Using aerial photos, topo maps, GPS tracks and AutoCAD, I made a presentation map showing where new trails could be located and sent it to the rangers. They were interested, but concerned that we weren't a real club, just a bunch of volunteers. So we continued on a second year of trail maintenance, reclaiming a nearly abandoned trail loop.

    The third year I kept at them, continually asking what we could do to get this to happen. Turns out it took a new resource manager to come in, who saw what we'd done and what we wanted to do and granted permission to start a short new trail - the first new bike trail in over 20 years in the park.

    Now there's been another development - the forming of a new local mtb club, the Rust Belt Riders. The Beaver Creek project wasn't really the seed of the new club, but our trail project fits in very well with the new clubs goals and they hope to adopt it as their trailwork showcase.

    What I'd think you need then is patience, a good contact in the parks, a list of volunteers or a club to back you up, and a presentation type plan of what you want to do. That should at least get you started.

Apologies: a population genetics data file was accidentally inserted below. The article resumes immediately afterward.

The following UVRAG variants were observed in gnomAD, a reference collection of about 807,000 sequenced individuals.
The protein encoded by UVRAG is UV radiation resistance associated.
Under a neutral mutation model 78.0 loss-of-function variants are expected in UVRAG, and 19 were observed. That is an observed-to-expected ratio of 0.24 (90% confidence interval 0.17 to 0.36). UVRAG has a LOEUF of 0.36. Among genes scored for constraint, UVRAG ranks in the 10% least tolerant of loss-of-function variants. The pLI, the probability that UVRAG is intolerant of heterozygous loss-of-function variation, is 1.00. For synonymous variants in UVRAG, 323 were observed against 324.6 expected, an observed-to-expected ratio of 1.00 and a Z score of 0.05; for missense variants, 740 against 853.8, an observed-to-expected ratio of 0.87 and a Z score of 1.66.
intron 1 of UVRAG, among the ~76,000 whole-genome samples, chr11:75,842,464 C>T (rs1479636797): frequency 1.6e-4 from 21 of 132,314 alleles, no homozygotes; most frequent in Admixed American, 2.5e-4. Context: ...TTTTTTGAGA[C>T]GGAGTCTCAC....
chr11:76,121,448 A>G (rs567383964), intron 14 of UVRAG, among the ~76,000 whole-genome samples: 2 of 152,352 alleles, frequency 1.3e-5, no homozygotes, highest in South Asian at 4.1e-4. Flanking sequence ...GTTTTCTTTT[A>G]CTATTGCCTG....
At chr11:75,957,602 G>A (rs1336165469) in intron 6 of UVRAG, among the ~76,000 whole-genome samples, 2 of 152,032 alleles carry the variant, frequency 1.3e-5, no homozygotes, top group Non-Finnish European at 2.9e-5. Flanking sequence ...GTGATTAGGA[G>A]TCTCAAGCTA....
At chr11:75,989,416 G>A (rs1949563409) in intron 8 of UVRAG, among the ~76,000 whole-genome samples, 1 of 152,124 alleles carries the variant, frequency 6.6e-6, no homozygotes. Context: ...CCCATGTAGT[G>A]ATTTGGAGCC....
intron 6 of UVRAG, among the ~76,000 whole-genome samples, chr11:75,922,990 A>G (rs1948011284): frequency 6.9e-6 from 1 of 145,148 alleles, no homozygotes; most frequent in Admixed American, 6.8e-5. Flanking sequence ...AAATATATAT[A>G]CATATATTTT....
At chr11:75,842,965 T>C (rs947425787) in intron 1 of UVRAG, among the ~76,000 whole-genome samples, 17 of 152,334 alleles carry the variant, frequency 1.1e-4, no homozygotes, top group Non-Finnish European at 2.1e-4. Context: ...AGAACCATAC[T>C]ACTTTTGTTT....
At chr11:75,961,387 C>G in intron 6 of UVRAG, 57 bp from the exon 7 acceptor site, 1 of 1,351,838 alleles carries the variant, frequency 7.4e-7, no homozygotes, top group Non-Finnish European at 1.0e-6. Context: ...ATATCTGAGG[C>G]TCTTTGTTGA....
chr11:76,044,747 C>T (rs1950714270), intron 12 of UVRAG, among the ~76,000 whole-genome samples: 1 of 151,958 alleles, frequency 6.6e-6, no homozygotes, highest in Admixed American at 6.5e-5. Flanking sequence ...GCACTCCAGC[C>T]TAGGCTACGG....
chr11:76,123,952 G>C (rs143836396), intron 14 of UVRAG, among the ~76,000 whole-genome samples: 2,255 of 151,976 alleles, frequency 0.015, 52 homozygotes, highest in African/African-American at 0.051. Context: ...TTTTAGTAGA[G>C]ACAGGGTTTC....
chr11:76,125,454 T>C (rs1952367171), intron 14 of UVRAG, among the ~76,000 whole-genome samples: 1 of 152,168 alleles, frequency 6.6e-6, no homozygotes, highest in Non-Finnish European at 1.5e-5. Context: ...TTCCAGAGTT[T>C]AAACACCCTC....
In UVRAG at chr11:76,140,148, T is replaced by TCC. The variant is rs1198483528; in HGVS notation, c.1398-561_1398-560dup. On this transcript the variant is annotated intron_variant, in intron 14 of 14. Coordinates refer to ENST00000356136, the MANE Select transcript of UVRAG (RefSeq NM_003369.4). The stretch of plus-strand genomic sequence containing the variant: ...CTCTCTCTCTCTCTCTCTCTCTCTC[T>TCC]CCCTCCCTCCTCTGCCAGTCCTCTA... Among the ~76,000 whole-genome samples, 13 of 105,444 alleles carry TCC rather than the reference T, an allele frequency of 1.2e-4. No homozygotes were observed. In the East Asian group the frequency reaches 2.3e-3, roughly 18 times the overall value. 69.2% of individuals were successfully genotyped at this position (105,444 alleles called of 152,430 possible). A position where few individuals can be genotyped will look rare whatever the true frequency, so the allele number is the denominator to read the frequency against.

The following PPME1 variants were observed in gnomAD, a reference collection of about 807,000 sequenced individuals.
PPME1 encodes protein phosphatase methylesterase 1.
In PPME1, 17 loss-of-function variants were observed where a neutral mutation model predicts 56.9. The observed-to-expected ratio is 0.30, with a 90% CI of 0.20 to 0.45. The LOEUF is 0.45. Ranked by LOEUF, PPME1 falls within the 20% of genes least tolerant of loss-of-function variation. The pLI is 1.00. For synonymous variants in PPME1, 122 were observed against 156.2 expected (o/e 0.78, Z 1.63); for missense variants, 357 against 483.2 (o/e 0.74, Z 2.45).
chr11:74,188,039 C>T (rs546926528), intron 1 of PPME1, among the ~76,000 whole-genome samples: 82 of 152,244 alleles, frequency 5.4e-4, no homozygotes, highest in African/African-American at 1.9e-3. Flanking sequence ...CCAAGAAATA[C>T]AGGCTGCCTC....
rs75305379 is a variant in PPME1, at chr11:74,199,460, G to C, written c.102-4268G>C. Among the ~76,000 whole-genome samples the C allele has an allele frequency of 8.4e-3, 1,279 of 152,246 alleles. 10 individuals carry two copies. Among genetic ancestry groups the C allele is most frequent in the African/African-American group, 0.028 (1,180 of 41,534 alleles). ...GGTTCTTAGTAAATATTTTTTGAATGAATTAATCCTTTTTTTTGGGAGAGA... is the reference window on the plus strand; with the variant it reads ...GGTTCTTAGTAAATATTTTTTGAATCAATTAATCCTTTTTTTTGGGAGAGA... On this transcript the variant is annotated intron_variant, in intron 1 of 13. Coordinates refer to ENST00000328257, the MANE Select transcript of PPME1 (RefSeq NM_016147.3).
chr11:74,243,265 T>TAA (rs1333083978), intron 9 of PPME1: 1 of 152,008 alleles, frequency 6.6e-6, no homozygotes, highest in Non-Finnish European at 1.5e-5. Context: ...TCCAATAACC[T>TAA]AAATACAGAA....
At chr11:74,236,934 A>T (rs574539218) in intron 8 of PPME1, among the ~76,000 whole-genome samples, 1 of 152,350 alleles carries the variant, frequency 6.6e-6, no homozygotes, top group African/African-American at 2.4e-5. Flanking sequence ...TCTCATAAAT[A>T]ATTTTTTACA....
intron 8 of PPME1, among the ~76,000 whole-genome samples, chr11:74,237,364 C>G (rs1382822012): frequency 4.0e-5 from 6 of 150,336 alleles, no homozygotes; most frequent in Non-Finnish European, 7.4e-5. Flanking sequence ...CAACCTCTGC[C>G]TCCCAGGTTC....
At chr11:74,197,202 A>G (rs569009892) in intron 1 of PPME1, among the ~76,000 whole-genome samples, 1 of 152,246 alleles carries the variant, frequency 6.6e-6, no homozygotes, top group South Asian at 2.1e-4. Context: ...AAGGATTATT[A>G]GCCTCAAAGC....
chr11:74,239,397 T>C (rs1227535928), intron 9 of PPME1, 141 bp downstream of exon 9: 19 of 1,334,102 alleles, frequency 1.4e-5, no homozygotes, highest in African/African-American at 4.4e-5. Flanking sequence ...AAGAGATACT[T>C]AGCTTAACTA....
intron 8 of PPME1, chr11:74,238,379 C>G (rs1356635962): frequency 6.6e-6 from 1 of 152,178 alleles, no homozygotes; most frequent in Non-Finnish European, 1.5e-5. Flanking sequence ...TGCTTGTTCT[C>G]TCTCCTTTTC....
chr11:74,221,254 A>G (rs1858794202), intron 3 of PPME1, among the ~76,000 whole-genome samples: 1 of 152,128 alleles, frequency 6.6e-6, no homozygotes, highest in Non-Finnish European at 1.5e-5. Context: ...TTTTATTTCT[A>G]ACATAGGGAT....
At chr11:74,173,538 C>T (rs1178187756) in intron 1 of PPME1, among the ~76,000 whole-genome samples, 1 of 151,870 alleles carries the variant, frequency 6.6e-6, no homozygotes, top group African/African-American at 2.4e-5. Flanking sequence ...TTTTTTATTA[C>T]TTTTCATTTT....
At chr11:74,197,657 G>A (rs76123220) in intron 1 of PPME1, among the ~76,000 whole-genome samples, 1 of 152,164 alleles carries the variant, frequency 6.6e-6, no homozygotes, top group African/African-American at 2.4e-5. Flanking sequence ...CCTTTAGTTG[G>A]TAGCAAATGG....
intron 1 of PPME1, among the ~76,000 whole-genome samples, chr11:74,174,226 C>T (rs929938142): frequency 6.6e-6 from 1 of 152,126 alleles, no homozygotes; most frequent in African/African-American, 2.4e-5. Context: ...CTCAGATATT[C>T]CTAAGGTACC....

Good luck. It's people like you who make the trail situation better.

    Steve Z
    Pedaling when it's dry
    And paddling when it's wet

    My insignificant blog:
    http://swampboy62.blogspot.com/

  3. #3
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    I know the area well and agree that the area needs more off road trails. Talk to the current property manager for the trails you have. Try proposing extensions to the current trail. Establish a volunteer group and start taking care of the existing trails. If the existing trail aren't being taken care of - take charge and show the manager you enthusiasm. It only takes one person with initiative to affect change.

    I'd love to see a loop from West Bay to Point Washington that runs along the intracoastal - there are some hills out there where they dug the canal and would make a great ride. Too bad its all sand and pine straw.

  4. #4
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    Are there no MTB advocacy groups in FL to team up with?

  5. #5